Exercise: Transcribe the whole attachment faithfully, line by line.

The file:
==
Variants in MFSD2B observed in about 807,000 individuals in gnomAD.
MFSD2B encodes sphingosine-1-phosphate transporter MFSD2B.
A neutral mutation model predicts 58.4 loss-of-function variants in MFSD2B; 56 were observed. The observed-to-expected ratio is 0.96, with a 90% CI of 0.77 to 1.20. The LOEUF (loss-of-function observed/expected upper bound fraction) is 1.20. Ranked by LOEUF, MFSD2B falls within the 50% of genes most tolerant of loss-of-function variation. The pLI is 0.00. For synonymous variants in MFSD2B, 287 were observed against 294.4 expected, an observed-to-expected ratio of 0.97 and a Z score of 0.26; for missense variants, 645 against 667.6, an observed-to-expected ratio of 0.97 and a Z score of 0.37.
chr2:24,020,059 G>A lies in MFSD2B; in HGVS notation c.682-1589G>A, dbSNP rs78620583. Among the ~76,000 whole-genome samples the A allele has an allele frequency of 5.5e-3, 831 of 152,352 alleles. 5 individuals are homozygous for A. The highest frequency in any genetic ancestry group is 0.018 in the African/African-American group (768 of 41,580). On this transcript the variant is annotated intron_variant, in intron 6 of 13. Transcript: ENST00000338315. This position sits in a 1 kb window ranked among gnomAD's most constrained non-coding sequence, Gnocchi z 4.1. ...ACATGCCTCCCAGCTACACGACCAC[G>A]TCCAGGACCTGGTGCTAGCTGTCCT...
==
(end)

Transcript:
Variants in MFSD2B observed in about 807,000 individuals in gnomAD.
MFSD2B encodes sphingosine-1-phosphate transporter MFSD2B.
A neutral mutation model predicts 58.4 loss-of-function variants in MFSD2B; 56 were observed. The observed-to-expected ratio is 0.96, with a 90% CI of 0.77 to 1.20. The LOEUF (loss-of-function observed/expected upper bound fraction) is 1.20. Ranked by LOEUF, MFSD2B falls within the 50% of genes most tolerant of loss-of-function variation. The pLI is 0.00. For synonymous variants in MFSD2B, 287 were observed against 294.4 expected, an observed-to-expected ratio of 0.97 and a Z score of 0.26; for missense variants, 645 against 667.6, an observed-to-expected ratio of 0.97 and a Z score of 0.37.
chr2:24,020,059 G>A lies in MFSD2B; in HGVS notation c.682-1589G>A, dbSNP rs78620583. Among the ~76,000 whole-genome samples the A allele has an allele frequency of 5.5e-3, 831 of 152,352 alleles. 5 individuals are homozygous for A. The highest frequency in any genetic ancestry group is 0.018 in the African/African-American group (768 of 41,580). On this transcript the variant is annotated intron_variant, in intron 6 of 13. Transcript: ENST00000338315. This position sits in a 1 kb window ranked among gnomAD's most constrained non-coding sequence, Gnocchi z 4.1. ...ACATGCCTCCCAGCTACACGACCAC[G>A]TCCAGGACCTGGTGCTAGCTGTCCT...